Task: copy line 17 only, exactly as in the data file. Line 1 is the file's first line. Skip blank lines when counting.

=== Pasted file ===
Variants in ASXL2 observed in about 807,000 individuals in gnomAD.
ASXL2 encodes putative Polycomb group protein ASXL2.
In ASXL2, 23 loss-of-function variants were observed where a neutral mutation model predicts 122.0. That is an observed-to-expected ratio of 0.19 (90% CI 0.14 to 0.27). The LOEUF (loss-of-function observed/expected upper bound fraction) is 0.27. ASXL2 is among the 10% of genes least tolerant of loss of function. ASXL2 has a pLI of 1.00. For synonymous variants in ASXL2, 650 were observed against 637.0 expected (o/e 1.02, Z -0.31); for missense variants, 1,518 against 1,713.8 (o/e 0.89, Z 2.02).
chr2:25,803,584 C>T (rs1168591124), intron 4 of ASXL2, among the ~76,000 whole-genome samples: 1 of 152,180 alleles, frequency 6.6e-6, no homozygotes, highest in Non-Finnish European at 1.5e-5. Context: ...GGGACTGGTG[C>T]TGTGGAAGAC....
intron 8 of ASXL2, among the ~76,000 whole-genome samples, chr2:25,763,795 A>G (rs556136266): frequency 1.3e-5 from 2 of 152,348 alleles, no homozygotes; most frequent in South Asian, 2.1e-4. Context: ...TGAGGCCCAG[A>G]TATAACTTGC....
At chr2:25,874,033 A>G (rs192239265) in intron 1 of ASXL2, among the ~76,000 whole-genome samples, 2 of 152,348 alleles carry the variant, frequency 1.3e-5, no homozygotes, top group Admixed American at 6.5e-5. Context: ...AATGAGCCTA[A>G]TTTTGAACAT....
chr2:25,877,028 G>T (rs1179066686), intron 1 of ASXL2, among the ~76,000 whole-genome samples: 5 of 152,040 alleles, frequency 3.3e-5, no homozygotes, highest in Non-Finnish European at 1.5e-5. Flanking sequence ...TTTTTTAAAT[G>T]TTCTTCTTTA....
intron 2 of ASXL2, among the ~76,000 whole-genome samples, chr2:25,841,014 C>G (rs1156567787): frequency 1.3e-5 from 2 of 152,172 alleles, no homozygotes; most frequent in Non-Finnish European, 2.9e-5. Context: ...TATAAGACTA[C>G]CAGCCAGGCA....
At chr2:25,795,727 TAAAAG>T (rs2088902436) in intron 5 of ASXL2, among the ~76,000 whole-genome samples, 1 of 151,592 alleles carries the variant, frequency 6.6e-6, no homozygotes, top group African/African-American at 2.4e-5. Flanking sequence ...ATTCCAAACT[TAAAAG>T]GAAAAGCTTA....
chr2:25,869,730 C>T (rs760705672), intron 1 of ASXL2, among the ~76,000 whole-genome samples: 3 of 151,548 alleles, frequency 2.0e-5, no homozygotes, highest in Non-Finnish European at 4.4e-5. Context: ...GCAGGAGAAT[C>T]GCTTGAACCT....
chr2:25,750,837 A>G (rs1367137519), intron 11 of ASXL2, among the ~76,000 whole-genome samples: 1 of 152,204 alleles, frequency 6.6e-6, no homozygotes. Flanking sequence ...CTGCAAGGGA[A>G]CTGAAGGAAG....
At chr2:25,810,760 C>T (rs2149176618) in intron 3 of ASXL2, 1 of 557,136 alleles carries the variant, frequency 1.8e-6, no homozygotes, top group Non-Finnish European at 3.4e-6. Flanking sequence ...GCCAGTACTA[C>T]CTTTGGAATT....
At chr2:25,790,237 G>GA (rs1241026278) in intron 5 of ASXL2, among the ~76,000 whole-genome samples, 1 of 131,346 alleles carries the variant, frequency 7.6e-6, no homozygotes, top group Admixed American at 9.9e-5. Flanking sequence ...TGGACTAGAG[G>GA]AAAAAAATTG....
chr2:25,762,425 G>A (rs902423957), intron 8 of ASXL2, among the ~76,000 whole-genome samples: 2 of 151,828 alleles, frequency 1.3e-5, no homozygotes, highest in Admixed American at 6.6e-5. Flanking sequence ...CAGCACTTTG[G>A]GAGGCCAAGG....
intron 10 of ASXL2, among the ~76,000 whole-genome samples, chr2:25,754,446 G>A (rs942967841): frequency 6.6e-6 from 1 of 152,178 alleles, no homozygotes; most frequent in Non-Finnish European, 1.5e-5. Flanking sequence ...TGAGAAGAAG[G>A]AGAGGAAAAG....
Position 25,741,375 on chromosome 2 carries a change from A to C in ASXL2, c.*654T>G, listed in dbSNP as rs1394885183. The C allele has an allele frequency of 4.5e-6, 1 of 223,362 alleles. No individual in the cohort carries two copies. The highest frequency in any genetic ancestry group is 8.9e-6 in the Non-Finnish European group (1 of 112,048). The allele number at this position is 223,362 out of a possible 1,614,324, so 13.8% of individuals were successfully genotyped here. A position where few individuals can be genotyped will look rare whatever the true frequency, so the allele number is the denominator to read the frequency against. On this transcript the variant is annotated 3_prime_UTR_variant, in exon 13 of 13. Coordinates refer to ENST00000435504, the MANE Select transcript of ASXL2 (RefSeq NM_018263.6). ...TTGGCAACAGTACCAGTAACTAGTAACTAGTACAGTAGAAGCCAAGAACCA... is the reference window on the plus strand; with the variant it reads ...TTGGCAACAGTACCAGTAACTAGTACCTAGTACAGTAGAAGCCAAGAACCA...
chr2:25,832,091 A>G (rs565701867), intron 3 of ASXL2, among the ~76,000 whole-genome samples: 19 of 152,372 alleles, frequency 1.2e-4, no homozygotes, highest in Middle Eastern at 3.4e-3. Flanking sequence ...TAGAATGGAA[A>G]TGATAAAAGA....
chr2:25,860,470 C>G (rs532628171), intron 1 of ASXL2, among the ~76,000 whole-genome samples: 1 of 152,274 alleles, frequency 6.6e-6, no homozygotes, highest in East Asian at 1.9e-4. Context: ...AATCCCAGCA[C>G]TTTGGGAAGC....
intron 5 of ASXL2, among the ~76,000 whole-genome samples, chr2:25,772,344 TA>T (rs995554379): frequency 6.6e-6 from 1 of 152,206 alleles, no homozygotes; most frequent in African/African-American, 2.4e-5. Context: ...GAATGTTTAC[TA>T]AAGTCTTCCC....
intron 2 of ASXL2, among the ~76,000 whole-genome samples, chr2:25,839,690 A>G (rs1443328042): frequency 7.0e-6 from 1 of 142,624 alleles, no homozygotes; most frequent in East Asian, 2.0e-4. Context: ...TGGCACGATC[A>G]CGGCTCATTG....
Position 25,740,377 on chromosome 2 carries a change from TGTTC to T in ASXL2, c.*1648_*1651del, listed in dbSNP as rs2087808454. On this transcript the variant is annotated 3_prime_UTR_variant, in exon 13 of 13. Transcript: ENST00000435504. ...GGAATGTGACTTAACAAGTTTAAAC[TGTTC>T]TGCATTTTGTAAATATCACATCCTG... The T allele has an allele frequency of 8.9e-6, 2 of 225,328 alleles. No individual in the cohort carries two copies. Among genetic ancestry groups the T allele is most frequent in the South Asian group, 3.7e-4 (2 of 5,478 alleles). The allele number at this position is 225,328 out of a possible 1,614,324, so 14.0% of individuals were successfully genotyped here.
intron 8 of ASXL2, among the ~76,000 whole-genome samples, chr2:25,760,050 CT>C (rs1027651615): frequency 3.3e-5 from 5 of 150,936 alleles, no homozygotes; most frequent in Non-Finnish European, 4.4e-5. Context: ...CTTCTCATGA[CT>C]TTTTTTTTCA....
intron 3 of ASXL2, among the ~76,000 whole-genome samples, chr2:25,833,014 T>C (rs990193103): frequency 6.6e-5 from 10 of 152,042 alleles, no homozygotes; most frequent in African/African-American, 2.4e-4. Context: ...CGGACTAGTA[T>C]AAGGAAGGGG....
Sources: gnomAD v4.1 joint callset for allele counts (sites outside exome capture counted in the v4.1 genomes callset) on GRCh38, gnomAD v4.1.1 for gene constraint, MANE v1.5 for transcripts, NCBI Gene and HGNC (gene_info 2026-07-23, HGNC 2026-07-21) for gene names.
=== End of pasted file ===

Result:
chr2:25,832,091 A>G (rs565701867), intron 3 of ASXL2, among the ~76,000 whole-genome samples: 19 of 152,372 alleles, frequency 1.2e-4, no homozygotes, highest in Middle Eastern at 3.4e-3. Flanking sequence ...TAGAATGGAA[A>G]TGATAAAAGA....